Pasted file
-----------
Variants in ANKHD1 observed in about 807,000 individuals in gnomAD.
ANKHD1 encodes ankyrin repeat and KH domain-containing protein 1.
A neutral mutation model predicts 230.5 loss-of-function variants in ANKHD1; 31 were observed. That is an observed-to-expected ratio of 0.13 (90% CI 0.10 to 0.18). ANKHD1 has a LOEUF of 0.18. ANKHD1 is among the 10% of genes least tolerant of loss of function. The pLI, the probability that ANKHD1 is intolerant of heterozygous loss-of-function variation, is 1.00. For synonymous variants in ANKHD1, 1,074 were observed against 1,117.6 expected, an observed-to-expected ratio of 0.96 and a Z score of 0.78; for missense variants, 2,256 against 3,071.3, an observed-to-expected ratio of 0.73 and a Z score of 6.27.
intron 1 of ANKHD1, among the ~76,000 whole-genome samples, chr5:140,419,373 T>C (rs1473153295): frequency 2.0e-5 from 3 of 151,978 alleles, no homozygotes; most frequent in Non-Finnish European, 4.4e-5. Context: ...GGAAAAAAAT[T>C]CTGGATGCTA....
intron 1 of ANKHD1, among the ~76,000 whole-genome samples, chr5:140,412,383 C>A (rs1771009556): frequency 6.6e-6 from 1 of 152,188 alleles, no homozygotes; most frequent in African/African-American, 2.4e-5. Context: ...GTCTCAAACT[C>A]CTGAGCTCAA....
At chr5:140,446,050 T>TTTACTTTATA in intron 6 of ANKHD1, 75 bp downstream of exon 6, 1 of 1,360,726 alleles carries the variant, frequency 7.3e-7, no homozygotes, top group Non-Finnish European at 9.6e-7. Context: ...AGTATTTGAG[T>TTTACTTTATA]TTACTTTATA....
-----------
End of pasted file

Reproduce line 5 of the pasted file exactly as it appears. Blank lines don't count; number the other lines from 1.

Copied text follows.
intron 1 of ANKHD1, among the ~76,000 whole-genome samples, chr5:140,412,383 C>A (rs1771009556): frequency 6.6e-6 from 1 of 152,188 alleles, no homozygotes; most frequent in African/African-American, 2.4e-5. Context: ...GTCTCAAACT[C>A]CTGAGCTCAA....